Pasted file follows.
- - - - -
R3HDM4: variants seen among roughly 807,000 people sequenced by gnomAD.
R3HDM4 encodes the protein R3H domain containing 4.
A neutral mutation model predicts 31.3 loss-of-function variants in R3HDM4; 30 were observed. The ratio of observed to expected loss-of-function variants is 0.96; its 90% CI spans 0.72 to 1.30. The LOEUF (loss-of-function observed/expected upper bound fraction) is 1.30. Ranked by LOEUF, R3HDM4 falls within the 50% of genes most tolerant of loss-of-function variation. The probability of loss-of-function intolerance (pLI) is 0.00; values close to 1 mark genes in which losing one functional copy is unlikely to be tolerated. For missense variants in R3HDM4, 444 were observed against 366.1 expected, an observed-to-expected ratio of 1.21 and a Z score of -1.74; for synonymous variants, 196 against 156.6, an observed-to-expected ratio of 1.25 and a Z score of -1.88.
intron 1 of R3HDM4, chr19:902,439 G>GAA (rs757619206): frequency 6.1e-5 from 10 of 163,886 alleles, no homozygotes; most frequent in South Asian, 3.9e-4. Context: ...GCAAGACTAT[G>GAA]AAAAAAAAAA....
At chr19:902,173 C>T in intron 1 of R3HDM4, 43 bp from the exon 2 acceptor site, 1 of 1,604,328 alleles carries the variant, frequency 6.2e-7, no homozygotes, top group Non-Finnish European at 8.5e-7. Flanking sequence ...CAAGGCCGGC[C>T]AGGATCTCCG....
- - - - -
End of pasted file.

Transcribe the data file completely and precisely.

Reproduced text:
R3HDM4: variants seen among roughly 807,000 people sequenced by gnomAD.
R3HDM4 encodes the protein R3H domain containing 4.
A neutral mutation model predicts 31.3 loss-of-function variants in R3HDM4; 30 were observed. The ratio of observed to expected loss-of-function variants is 0.96; its 90% CI spans 0.72 to 1.30. The LOEUF (loss-of-function observed/expected upper bound fraction) is 1.30. Ranked by LOEUF, R3HDM4 falls within the 50% of genes most tolerant of loss-of-function variation. The probability of loss-of-function intolerance (pLI) is 0.00; values close to 1 mark genes in which losing one functional copy is unlikely to be tolerated. For missense variants in R3HDM4, 444 were observed against 366.1 expected, an observed-to-expected ratio of 1.21 and a Z score of -1.74; for synonymous variants, 196 against 156.6, an observed-to-expected ratio of 1.25 and a Z score of -1.88.
intron 1 of R3HDM4, chr19:902,439 G>GAA (rs757619206): frequency 6.1e-5 from 10 of 163,886 alleles, no homozygotes; most frequent in South Asian, 3.9e-4. Context: ...GCAAGACTAT[G>GAA]AAAAAAAAAA....
At chr19:902,173 C>T in intron 1 of R3HDM4, 43 bp from the exon 2 acceptor site, 1 of 1,604,328 alleles carries the variant, frequency 6.2e-7, no homozygotes, top group Non-Finnish European at 8.5e-7. Flanking sequence ...CAAGGCCGGC[C>T]AGGATCTCCG....